Lime is a popular choice for pleaching but ash, beech and hornbeam are also suitable species. As deciduous species their winter form after leaf fall is a dramatic, sculptural framework of branched grids. These images show a junior pleach with its training frame in place for the tying in of shoots over the summer and pruning against in winter. When the desired pleached form is set the frame can be removed as with its neighbour.
It’s a tricky technique to achieve and like most high maintenance beauty regimes the immaculate results of the sustained grooming can be eye catching and alluring. In Holland it is a ubiquitous feature perfectly suited to the well ordered and even landscape but I suspect that if my neighbour in London set themselves up with a pleached grid outside their home that it might seem somewhat aloof and haughty.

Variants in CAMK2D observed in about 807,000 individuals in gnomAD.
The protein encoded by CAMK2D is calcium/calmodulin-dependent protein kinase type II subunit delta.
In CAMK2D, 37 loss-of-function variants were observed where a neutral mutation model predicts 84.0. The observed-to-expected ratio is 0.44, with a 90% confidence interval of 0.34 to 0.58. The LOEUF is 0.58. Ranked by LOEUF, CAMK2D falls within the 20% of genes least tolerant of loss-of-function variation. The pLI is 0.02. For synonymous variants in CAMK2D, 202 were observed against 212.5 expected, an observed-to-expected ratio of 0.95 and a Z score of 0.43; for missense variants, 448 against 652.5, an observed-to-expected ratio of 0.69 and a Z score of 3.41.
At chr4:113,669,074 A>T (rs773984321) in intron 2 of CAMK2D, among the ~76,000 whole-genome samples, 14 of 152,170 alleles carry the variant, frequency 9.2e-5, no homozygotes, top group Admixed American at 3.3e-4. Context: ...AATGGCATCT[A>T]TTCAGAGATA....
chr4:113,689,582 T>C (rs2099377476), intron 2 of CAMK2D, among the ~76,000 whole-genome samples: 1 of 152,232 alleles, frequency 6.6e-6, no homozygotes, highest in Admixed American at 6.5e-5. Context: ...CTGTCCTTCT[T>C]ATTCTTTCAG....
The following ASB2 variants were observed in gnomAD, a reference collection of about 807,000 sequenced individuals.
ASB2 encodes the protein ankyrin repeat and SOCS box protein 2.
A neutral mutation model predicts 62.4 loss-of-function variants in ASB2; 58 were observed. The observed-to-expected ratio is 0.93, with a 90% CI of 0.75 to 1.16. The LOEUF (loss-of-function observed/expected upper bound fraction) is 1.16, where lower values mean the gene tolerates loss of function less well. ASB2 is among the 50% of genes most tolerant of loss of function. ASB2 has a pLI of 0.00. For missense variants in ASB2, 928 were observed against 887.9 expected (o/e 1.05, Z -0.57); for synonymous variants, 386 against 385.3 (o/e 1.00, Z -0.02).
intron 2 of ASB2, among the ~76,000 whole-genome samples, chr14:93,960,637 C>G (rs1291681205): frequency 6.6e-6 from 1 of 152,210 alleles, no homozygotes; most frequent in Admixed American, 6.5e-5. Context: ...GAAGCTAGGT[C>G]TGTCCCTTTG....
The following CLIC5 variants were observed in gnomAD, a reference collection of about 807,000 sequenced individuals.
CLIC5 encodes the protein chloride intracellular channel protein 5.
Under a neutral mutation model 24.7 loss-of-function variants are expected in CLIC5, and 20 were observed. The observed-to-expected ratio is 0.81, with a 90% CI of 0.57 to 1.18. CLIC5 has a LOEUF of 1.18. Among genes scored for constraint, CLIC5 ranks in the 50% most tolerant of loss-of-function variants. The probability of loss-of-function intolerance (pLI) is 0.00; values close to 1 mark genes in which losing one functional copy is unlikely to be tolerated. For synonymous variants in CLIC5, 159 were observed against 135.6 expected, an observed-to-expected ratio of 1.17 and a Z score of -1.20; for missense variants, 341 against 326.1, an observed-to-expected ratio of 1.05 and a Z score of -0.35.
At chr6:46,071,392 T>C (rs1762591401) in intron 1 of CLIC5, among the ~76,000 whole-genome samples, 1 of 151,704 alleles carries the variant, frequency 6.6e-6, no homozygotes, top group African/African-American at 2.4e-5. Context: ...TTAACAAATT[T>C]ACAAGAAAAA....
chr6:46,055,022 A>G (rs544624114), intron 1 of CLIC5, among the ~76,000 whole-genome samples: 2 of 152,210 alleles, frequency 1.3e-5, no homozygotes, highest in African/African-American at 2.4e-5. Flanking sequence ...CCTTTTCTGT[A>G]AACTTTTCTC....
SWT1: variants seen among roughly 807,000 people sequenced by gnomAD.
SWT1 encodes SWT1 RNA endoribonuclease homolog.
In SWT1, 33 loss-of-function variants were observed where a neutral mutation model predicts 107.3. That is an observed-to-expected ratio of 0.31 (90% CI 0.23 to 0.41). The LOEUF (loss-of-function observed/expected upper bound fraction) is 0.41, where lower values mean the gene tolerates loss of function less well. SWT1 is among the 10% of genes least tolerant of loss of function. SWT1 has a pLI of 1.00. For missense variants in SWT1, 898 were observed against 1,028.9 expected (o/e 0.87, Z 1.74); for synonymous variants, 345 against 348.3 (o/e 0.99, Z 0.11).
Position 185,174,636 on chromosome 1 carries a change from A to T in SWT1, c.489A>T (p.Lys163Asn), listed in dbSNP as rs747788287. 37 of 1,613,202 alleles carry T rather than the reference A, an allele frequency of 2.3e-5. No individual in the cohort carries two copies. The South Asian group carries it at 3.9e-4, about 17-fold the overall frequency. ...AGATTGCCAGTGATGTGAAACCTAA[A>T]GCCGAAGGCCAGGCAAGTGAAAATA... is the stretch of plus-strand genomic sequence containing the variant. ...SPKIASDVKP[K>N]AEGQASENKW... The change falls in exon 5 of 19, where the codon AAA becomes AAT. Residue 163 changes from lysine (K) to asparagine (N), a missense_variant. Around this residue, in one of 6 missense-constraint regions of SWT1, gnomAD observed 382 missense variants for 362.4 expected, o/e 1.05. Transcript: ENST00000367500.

I like a bit of order and it would be untrue to deny that these green geometric barriers very much appeal to my inner neat freak and symmetrical being. However, there is a little nagging thought from my innate nature loving being that training a large tree species into a small box is a little like making a bear wear a dress at the circus.
Floating Gardens – 23 May 2015
Downings Road Moorings features a series of seven linked 23m x4m unique floating barge gardens in London, SE1. The gardens are beautiful living walkways created on top of old Thames lighter barges, which themselves are converted into living spaces beneath. Horticulturally these gardens are interesting as living (and floating) roofs, demonstrating that it is possible to grow a thriving mature garden in relatively little soil that, at its deepest, is only 35cm. They are also valuable to nature by providing habitat for a range of wildlife including marine and land based birds, pollinators and other insects and invertebrates.